If you have diabetes, the risks of complications are higher if you undergo joint replacement surgery. But, how much higher and is there anything that you can do to reduce the risks?
Research into risk of complications among diabetic patients undergoing hip and knee replacement surgery
A recent study published in The Journal of Bone and Joint Surgery  explored the impact of diabetes on patients undergoing total knee and total hip replacement surgery. Researchers from UTMB in Texas and Drexel University in Pennsylvania looked at the files of patients who were part of the US federal health insurance programme, Medicare, and who underwent surgery in 2013 and 2014. They focused on complications and readmission rates among patients with diabetes, comparing them with patients who did not have the condition.
Aims of the study
Diabetes and arthritis often go hand in hand as both conditions are more common as people age. Researchers from UTMB and Drexel University point out in their study that between 48 and 56% of patients with diabetes develop osteoarthritis, which can lead to loss of mobility, pain and early mortality. In the US, joint replacement procedures account for the biggest proportion of Medicare spending among all inpatient procedures.
The study set out to consider perioperative and postoperative outcomes over a 90-day period among patients in four categories:
- Patients with no diabetes.
- Patients with controlled uncomplicated diabetes.
- Patients with controlled complicated diabetes.
- And patients with uncontrolled diabetes.
All of the patients reviewed in the study (521,230 in total) had received an elective (i.e. non-emergency) total hip or total knee replacement in 2013 and 2014.
Findings regarding risk of complications for joint replacement patients with diabetes
The study found that the risk of complications and readmission was higher in patients with diabetes compared to patients without.
Risk of complications: Complication rates were 2.1% for patients undergoing total knee replacements and 3.0% for patients having a total hip replacement. In the case of knee replacement surgery, the main complications were pulmonary embolism, pneumonia and periprosthetic joint or wound infection. For hip replacement patients the main complications were mechanical problems, pneumonia and infection.
Patients at greatest risk of developing complications after knee replacement were those with uncontrolled diabetes. Among hip replacement patients the odds of complications were highest for patients with controlled complicated diabetes. In both cases, the risk of complications was significantly higher among patients with diabetes compared to the no-diabetes group.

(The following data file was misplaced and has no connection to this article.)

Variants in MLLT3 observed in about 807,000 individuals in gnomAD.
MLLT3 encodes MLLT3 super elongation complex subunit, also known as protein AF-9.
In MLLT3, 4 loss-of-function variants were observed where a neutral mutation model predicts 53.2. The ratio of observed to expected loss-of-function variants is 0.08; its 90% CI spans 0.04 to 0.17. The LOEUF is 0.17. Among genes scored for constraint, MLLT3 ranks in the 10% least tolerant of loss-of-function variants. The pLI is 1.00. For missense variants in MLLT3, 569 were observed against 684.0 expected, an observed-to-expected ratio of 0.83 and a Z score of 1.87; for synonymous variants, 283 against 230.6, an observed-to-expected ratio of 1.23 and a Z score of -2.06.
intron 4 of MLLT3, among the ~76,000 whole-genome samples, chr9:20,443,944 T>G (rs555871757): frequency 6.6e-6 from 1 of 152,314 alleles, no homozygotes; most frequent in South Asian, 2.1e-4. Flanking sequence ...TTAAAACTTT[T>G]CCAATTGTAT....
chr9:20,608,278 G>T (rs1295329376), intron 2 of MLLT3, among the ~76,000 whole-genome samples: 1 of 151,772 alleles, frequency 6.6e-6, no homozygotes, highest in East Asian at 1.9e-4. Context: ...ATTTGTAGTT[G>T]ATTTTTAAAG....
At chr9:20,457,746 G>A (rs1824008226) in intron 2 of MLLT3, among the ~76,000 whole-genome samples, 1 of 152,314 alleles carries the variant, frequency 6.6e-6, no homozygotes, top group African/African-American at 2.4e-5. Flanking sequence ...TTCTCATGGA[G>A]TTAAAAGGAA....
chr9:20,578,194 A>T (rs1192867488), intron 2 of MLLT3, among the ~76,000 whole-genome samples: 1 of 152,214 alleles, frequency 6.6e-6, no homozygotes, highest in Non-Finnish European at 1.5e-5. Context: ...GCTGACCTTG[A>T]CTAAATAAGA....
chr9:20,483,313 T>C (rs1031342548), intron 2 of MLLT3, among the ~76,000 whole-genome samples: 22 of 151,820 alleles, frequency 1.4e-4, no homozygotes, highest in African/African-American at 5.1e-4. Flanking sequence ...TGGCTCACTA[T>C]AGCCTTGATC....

Risk of readmission: When it came to readmissions, the risk was also significantly higher among patients with diabetes compared to those without diabetes. The highest readmission rates in patients undergoing total knee replacement was for those with uncontrolled diabetes. In the case of total hip replacement, controlled complicated diabetes led to the greatest chance of being readmitted after surgery.
The researchers point out that, while their study was the first to examine complications and rates of readmission 90-days after surgery, other previous studies had found similar outcomes in patients 30-days after surgery.
What should I do if I have diabetes?
So, what are the implications of their research for patients with diabetes who need to undergo total hip or knee replacements?
It certainly does not mean you won’t be able to have a total hip or total knee replacement, however your surgeon will want to discuss your individual risks with you. It will be important, prior to surgery, to ensure that your diabetes is under control and your HbA1C levels will be checked at your pre-assessment appointment to ensure they are below 7%. Preparing for a hip or knee replacement is a good opportunity to review your diet and medication to ensure you achieve optimum levels of health prior to surgery. You can discuss this with your orthopaedic surgeon.
It is important to point out that the risks of complications or readmission are low with total knee or total hip replacements, whether or not you have diabetes, and this type of surgery has significant benefits in terms of movement, flexibility and quality of life.
If you are unsure, contact us to discuss your individual risks and benefits of undergoing joint replacement surgery.
Orthopaedic consultant and surgeon | Dublin
Professor Joseph Queally, hip knee and trauma specialist, will discuss the options with you and make recommendations based on your individual circumstances.
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Beacon Centre for Orthopaedics
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 Impact of Diabetes on 90-Day Episodes of Care After Elective Total Joint Arthroplasty Among Medicare Beneficiaries, published in The Journal of Bone and Joint Surgery, 2020